TriCities.com – May 2, 2012
By Michael Owens
The operator of a now-shuttered inpatient psychiatric counseling center for boys will pay a $6.85 million federal settlement over allegations of Medicaid fraud, the U.S. Justice Department announced Wednesday.
Keystone Marion Youth Center, owned by the King of Prussia, Penn.-based United Health Services, was at the center of a federal case alleging falsified medical records and that patients were held longer than necessary to bill for more money.
UHS closed the Marion facility earlier this year.
“This case sends a clear message that fraud and exploitation of our most vulnerable citizens will not be tolerated in the commonwealth,” Virginia Attorney General Ken Cuccinelli said in a written announcement of the decision.
The settlement will be paid to Virginia and the United States based on a case brought under the False Claims Act, which states that an entity that submits false or fraudulent claims to the government is liable for three times the damages, plus a civil penalty for each false claim.
Investigators initially looked at claims of:
- Falsifying the medical records of at least 21 patients since October 2005.
- Aggravating patients to exacerbate their condition so Medicaid could be billed for longer stays and more intensive counseling.
- Initiating “drive-by” therapy session that consisted of brief hallway run-ins with patients, but later billed as lengthy meetings.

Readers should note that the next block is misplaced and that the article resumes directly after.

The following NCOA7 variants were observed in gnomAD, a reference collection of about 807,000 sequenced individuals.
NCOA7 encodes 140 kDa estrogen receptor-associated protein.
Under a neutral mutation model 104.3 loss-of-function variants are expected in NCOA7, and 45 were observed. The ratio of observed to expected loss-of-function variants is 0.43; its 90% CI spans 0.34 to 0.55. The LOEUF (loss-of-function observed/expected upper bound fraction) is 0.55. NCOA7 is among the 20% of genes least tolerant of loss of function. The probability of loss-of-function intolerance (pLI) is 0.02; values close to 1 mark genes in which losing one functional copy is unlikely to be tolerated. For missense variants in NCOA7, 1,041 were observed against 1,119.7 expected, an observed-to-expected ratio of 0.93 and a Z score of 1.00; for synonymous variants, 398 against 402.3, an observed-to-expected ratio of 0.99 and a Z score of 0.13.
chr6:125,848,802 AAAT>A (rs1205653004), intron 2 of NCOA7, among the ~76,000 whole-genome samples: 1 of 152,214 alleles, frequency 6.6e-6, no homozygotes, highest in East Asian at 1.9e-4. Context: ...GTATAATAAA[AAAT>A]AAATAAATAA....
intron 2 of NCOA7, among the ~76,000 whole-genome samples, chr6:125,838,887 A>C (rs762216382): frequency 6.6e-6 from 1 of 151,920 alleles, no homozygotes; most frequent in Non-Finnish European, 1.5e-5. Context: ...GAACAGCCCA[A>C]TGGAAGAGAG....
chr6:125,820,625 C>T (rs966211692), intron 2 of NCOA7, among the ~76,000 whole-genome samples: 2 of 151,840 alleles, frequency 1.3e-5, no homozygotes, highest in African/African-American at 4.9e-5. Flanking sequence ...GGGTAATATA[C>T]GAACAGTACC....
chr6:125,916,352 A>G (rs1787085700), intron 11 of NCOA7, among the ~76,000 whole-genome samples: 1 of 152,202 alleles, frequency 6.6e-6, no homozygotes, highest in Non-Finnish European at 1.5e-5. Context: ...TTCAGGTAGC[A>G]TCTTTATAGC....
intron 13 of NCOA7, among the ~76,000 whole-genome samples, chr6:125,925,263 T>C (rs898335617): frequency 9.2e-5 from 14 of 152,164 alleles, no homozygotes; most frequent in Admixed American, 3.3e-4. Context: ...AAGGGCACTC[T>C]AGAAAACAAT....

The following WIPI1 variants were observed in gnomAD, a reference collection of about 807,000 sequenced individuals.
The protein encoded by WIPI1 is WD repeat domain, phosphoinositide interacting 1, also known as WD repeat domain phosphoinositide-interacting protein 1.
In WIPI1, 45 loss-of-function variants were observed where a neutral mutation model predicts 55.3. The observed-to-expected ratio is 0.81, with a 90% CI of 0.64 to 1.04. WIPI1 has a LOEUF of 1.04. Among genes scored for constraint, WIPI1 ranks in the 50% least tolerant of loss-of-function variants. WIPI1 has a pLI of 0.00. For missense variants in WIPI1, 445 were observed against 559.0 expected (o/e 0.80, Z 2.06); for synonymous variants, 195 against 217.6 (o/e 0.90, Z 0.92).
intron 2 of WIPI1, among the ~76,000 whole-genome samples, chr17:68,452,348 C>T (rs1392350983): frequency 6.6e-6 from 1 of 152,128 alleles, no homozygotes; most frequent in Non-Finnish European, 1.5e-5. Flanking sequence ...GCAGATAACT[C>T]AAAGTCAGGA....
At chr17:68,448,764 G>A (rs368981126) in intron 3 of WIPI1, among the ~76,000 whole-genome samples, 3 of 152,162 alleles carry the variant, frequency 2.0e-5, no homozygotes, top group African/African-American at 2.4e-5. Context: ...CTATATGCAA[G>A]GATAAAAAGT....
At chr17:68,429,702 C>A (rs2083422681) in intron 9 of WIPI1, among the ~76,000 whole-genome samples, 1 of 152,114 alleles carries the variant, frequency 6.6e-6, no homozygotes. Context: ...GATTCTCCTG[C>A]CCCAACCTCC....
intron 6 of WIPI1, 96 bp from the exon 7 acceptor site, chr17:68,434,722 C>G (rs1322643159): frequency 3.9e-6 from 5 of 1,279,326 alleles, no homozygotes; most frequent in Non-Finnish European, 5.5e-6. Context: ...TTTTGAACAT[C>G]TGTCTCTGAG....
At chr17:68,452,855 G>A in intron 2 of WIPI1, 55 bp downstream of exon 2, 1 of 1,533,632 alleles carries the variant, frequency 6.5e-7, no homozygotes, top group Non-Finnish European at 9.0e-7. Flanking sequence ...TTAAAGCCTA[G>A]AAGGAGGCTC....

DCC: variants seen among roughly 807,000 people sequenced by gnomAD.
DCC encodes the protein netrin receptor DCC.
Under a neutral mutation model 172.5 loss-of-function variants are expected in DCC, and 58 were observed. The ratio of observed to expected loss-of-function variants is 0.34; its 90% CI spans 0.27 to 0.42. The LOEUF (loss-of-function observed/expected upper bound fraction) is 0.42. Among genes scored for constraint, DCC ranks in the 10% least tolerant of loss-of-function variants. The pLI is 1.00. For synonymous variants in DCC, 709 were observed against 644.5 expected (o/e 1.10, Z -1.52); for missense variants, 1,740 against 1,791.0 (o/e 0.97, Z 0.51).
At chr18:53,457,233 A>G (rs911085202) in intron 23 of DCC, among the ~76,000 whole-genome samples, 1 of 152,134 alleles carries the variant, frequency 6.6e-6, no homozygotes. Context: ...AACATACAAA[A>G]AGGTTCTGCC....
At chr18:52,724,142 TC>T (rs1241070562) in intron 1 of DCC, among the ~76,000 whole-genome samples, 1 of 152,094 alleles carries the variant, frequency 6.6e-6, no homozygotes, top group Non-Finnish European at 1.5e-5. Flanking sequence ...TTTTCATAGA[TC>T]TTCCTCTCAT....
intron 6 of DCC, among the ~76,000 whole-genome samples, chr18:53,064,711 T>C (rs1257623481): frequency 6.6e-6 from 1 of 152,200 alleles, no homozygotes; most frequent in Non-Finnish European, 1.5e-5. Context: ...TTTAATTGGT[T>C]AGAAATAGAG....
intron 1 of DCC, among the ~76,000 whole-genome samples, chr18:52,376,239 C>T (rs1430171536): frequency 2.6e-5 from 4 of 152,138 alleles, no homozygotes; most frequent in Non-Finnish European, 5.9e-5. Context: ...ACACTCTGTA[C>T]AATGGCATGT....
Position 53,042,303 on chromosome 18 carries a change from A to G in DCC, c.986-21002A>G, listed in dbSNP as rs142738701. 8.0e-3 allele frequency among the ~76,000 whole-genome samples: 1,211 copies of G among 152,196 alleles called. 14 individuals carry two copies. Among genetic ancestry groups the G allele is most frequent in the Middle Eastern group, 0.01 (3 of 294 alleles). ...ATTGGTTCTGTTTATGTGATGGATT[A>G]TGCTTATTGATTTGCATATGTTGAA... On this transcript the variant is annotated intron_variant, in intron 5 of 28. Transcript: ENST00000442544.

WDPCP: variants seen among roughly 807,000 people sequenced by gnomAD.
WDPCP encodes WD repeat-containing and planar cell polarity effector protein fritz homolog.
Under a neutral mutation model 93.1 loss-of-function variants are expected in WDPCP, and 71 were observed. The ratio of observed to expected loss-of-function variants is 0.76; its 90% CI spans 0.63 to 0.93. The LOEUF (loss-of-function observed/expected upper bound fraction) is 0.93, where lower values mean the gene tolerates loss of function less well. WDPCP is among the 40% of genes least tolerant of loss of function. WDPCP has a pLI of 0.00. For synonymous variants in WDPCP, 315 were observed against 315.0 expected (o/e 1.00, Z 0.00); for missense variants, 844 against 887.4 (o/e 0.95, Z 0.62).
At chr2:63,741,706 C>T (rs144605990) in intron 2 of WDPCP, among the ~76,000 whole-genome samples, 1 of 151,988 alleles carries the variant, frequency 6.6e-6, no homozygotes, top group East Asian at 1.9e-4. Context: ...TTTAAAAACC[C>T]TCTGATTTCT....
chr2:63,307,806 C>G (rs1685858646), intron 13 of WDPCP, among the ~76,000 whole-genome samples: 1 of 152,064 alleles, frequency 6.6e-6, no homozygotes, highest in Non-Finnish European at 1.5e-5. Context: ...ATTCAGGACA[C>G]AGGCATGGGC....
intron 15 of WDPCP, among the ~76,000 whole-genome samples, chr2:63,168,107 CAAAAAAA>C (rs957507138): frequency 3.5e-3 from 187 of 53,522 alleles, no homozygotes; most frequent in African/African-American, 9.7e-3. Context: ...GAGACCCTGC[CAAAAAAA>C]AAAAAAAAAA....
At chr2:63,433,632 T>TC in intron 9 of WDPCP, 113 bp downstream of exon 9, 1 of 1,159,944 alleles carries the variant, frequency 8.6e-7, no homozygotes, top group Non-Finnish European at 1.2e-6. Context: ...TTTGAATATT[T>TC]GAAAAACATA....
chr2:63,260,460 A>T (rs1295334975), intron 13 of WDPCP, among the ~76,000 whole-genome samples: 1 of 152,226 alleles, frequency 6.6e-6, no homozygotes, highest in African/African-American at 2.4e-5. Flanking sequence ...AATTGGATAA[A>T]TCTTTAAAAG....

- Stretching patient admissions longer than necessary.
UHS, in an email to the Bristol Herald Courier, noted that the company has not admitted liability and the allegations of wrongdoing have not been proven.
“Due to the litigation costs and financial risks associated with a False Claim Act case as well as the previously announced closing of the facility for unrelated reasons, a decision was made to settle this matter at this time,” wrote former Marion Youth Center CEO Rick Bridges.
Wednesday’s settlement follows a 2007 whistleblower suit filed by three of the center’s former therapists. Along with claims of fraud, court records show that Megan L. Johnson, Leslie L. Webb and Kimberly Stafford-Payne also claimed sexual and racial discrimination in their suit.
Federal and state prosecutors joined their suit Nov. 4, 2009, and the three women were listed as co-plaintiffs alongside the United States and Virginia.
UHS has paid an additional amount to them to settle the discrimination complaints and attorneys fees, the Justice Department reported.
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